The freeway at Macon was constructed between 1966 and 1968.1 Another 12.5 mile section was completed between U.S. 221 (Exit 78) and U.S. 1 (Exit 90) on December 19, 1977.2 The final section of Interstate 16, through Emanuel, Candler, and Bulloch Counties, opened on September 22, 1978, completing the route between Macon and Savannah.3
The final mainline interchange of Interstate 16 west is Exit 1B at Georgia 22 (2nd Street) for Downtown Macon. Georgia 22 ties into U.S. 23, U.S. 129 and Georgia 49 just to the north. Photo taken by Chris Patriarca (07/06/03).
The final Interstate 16 west shield assembly stands just after the on-ramps from U.S. 23-129 & Georgia 49. Photo taken 05/28/05.
Interstate 16 carries six overall lanes between U.S. 23 & 129 and Exit 1 with Interstate 75 south. Photo taken 05/28/05.
End Interstate 16 shields are posted as traffic separates for Interstate 75 north and south. I-75 ventures north from Macon to Forsyth, McDonough and Atlanta while I-75 south takes motorists back toward Downtown Macon en route to Perry, Cordele and Tifton. Photo taken 05/28/05.
Perspective from Interstate 75 south
A new two mile overhead for Interstate 16 was installed as part of the 2010-13 road work to expand I-75 to six lanes from Arkwright Road (Exit 169) south to the Macon city line. Photo taken 07/05/14.
Leading south from Exit 167 with Georgia 247 (Pierce Avenue), I-16 parallels U.S. 23 & Georgia 87 on the initial approach to Exit 165 with I-16 east. Photo taken by Chris Patriarca (07/06/03).
One mile ahead of the three-wye interchange (Exit 165) with Interstate 16 on I-75 south. The left-hand ramp for Savannah will eventually be shifted to the right. Photo taken 07/05/14.
A pair of supplemental guide signs advise motorists of the lane allocation for Interstate 16 east and 75 south as the freeway crosses over a Norfolk Southern Railroad line. Photo taken 07/05/14.
A second diagrammatic sign outlines the forthcoming left-hand ramp for Interstate 16. I-16 sees two interchanges across from Downtown Macon before transitioning into a rural freeway for the bulk of the drive east to Savannah. Photo taken 07/05/14.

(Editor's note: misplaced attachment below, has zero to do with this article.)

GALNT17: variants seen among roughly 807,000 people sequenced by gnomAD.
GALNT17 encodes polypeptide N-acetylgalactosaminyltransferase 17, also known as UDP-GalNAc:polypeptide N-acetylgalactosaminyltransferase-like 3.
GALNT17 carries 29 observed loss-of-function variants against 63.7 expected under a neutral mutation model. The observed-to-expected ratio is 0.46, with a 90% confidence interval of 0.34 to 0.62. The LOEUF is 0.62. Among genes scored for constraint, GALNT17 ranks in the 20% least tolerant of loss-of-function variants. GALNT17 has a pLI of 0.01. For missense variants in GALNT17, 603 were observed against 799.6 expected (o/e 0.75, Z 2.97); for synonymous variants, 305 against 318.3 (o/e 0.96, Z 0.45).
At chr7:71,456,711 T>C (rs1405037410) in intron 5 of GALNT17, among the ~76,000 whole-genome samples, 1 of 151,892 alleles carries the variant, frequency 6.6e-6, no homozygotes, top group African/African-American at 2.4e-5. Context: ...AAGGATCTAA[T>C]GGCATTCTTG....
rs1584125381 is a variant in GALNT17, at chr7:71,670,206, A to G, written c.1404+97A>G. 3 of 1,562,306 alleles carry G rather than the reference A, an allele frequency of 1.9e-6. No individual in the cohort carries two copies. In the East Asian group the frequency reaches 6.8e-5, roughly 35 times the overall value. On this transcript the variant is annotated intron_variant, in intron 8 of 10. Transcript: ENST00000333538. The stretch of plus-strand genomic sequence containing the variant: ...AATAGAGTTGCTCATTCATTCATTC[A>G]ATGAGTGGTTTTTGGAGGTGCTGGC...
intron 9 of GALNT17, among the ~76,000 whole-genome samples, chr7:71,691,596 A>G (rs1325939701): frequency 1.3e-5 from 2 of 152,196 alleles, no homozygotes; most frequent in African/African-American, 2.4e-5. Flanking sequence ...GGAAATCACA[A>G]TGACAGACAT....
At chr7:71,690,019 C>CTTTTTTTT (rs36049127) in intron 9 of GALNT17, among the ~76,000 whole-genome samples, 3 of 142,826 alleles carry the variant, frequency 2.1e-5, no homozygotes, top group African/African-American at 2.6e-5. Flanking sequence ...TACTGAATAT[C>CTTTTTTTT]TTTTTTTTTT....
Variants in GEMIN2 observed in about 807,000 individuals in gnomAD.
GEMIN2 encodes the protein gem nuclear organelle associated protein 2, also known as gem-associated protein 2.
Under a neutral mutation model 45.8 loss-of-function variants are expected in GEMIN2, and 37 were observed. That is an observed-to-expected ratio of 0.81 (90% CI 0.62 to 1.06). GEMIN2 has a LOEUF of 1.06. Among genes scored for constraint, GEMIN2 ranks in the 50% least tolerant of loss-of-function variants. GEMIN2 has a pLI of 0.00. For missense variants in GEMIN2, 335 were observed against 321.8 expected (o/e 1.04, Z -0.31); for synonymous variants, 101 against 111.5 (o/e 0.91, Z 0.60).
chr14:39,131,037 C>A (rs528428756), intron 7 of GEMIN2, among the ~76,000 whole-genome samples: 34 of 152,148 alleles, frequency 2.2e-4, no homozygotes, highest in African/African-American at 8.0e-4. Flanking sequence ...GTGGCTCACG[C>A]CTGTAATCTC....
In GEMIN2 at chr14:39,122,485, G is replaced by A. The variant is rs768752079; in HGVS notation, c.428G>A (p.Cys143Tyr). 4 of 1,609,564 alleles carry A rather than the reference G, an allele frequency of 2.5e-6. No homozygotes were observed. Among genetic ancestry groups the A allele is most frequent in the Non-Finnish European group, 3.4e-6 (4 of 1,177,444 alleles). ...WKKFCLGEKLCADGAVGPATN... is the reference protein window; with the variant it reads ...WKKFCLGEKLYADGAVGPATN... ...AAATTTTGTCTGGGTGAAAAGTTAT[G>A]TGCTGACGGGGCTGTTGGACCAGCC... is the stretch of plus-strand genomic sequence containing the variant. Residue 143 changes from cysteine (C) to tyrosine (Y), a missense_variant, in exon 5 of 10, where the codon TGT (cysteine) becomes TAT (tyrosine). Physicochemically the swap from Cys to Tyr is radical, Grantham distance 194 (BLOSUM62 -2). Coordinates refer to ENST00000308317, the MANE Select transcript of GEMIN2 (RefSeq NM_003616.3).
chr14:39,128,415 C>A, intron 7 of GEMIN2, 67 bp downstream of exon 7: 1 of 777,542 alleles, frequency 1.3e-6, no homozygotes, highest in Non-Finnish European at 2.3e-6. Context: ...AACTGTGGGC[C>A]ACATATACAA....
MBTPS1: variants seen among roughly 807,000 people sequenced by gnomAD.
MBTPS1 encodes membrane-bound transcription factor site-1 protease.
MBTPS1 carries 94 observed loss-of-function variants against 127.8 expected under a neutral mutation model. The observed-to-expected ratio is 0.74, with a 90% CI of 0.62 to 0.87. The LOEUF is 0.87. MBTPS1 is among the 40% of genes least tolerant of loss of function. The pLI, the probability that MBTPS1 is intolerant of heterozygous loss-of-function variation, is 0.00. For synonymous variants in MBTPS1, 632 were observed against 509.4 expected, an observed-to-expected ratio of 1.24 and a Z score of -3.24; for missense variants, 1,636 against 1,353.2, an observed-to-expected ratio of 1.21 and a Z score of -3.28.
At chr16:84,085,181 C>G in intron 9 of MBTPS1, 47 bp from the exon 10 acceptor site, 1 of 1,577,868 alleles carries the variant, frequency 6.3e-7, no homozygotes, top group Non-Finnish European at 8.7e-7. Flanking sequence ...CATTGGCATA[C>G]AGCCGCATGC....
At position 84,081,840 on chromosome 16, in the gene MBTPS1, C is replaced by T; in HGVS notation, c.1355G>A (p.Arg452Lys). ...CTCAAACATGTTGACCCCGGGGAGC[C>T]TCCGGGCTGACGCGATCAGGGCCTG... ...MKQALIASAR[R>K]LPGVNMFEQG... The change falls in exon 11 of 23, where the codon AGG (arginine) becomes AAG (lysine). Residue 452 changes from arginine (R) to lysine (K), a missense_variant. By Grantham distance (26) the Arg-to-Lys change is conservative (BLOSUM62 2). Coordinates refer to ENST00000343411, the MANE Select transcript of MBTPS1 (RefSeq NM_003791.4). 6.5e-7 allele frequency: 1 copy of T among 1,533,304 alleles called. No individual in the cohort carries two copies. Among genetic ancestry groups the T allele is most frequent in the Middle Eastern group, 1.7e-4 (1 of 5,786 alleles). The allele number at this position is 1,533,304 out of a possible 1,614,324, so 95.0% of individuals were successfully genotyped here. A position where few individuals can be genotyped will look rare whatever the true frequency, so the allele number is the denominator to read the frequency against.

Interstate 75 south at the eastbound beginning of Interstate 16 (Jim L. Gillis Highway). The I-75 control city of Valdosta is 150 miles to the south. Photo taken 07/05/14.
Historical Perspective from Interstate 75 south
This set of overheads for Exit 165 with I-16 were eventually replaced by a diagrammatic sign. Macon was displayed as a control point for I-75, even though the freeway had already entered the city limits by this point. Photo taken by Chris Patriarca (07/06/03).
Replaced overhead posted a half mile ahead of Exit 165. Interstate 16 continues the southeasterly trajectory of I-75 along the Ocmulgee River as Interstate 75 turns to the west of Downtown Macon. Photo taken by Chris Patriarca (07/06/03).
Perspective from Interstate 75 north
The two-mile guide sign for Exit 165 and Interstate 16 east, is posted on the Georgia 74 (Mercer University Drive) overpass. The Downtown area of Macon is served by three Interstate 75 interchanges ahead of I-16. Photo taken 11/07/14.
Interstate 75 travels one mile north from a split diamond interchange with U.S. 41 Business (Forsyth Street / Hardeman Avenue) to meet Interstate 16 east. Photo taken 11/07/14.
Interstate 75, from the Walnut Street overpass northward, descends into the Ocmulgee River valley and the three-wye interchange (Exit 165) with Interstate 16. I-16 connects Macon with the city of Savannah along Georgia's Gold Coast in 165 miles. Photo taken 11/07/14.
U.S. 23 & Georgia 87 (Riverside Drive) span Interstate 75 as the freeway separates with the two-lane ramp for Interstate 16 east. The first three interchanges of I-16 serve the city of Macon and connect with a myriad of U.S. and state routes leading north from Downtown. Photo taken 11/07/14.
Interstate 16 east enters its final mile in the city of Savannah. Three options are available at this point. The first is to take Exit 165 for the 37th Street Connector. This route joins Georgia 204 along 37th Street as the state route progresses east to Abercorn Street. Abercorn Street is a busy commercial arterial with anywhere from four to eight lanes from Midtown Savannah to South Side Savannah. Photo taken 11/11/06.